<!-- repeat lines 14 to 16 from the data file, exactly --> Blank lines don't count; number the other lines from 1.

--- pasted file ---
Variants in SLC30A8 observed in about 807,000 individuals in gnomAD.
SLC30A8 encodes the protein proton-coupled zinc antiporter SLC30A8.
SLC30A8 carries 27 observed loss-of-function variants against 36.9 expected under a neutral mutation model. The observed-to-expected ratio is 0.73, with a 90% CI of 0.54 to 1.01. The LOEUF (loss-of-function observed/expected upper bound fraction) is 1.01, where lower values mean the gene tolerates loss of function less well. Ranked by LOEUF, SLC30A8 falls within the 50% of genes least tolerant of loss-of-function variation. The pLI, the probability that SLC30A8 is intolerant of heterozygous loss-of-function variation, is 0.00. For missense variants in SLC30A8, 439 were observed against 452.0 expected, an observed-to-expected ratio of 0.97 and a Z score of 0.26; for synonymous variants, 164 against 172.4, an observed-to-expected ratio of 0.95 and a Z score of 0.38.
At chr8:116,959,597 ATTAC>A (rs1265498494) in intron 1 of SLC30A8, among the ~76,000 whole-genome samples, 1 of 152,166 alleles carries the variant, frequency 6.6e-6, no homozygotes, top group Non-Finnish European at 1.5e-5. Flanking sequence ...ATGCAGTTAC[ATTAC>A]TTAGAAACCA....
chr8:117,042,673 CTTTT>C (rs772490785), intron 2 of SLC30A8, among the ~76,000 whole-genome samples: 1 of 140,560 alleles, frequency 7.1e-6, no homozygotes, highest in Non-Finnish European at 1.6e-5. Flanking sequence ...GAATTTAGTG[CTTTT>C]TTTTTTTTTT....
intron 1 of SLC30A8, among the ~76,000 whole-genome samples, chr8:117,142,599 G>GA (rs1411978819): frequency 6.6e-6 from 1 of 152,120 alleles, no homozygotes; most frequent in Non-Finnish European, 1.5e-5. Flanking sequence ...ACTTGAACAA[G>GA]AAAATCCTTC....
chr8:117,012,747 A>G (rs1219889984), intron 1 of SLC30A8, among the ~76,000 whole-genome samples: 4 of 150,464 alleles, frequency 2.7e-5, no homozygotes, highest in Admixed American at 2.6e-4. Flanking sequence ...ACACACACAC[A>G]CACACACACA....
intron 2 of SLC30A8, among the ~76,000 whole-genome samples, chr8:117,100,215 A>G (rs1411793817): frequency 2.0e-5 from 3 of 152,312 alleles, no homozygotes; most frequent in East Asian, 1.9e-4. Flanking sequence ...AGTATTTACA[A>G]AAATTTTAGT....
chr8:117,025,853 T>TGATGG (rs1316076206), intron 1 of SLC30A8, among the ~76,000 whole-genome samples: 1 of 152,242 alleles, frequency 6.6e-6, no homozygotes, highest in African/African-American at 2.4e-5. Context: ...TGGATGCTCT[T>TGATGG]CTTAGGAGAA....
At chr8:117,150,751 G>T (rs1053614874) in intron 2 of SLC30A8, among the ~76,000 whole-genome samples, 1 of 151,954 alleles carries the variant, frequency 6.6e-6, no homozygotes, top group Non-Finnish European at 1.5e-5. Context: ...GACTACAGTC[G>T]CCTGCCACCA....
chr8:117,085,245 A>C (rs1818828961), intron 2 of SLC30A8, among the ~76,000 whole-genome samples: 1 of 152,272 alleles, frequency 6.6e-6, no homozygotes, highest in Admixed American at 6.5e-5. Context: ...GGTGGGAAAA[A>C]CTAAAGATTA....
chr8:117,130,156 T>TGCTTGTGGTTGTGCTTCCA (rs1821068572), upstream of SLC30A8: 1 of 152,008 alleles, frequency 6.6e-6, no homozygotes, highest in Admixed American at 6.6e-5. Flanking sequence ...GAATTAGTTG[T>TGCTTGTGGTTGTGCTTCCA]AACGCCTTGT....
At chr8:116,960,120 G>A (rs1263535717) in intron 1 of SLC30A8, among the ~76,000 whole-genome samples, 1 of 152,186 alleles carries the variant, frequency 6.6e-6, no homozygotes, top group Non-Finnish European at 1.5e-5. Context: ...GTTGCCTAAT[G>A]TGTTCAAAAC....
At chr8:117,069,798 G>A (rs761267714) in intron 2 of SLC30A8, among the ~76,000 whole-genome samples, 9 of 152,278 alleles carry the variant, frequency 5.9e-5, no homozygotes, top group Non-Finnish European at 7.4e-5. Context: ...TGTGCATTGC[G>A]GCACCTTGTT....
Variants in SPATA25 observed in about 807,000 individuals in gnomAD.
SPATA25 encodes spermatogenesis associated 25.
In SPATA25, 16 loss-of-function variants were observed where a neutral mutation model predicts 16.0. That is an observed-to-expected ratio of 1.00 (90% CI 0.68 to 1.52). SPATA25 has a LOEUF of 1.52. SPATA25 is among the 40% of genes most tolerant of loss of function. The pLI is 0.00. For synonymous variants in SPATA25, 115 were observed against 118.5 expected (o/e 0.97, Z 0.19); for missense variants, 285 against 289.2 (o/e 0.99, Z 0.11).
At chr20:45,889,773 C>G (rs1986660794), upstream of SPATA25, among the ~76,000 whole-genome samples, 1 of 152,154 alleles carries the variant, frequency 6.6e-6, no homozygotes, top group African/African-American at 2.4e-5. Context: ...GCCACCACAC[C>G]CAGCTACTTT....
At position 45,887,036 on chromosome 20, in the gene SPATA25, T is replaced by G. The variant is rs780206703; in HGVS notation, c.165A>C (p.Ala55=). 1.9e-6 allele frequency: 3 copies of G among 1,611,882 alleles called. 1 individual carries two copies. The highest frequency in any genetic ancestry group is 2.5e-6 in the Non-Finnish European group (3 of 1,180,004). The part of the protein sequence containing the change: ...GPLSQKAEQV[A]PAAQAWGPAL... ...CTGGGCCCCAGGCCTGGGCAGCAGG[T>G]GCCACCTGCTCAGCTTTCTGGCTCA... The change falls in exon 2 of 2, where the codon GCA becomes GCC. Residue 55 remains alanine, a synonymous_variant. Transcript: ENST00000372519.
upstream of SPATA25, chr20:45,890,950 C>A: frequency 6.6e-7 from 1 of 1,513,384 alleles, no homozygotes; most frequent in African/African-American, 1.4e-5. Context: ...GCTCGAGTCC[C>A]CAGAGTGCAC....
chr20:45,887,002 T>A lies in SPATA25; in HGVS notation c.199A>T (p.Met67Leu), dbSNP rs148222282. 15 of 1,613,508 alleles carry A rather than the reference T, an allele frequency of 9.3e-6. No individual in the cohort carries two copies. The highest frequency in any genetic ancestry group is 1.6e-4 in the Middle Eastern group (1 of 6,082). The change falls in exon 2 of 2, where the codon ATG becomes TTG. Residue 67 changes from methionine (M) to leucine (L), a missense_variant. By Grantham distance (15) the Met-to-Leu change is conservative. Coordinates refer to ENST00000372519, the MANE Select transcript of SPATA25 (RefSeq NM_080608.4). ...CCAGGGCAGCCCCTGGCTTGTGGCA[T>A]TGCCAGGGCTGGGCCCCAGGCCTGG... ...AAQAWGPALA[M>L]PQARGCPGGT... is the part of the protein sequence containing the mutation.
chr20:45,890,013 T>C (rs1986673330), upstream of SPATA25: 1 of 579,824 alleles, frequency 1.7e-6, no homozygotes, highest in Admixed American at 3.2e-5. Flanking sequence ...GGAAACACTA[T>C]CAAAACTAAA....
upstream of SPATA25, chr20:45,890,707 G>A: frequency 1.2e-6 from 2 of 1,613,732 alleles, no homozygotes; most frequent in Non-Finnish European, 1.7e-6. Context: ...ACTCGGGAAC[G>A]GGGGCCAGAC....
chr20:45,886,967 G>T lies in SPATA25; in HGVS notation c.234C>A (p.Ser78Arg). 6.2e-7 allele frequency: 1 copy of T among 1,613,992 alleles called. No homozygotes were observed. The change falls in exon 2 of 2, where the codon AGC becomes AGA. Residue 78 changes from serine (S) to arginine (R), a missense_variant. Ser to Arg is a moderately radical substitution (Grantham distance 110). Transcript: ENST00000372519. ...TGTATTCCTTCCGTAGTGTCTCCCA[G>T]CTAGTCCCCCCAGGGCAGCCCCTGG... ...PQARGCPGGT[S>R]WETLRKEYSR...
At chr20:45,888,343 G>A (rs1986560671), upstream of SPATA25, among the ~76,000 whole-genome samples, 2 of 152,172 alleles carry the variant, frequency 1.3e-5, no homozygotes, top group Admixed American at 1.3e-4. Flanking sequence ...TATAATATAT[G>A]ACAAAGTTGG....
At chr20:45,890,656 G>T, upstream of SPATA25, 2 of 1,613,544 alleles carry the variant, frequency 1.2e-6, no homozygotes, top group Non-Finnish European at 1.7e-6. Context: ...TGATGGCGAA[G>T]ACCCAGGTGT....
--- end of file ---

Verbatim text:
At chr8:117,069,798 G>A (rs761267714) in intron 2 of SLC30A8, among the ~76,000 whole-genome samples, 9 of 152,278 alleles carry the variant, frequency 5.9e-5, no homozygotes, top group Non-Finnish European at 7.4e-5. Context: ...TGTGCATTGC[G>A]GCACCTTGTT....
Variants in SPATA25 observed in about 807,000 individuals in gnomAD.
SPATA25 encodes spermatogenesis associated 25.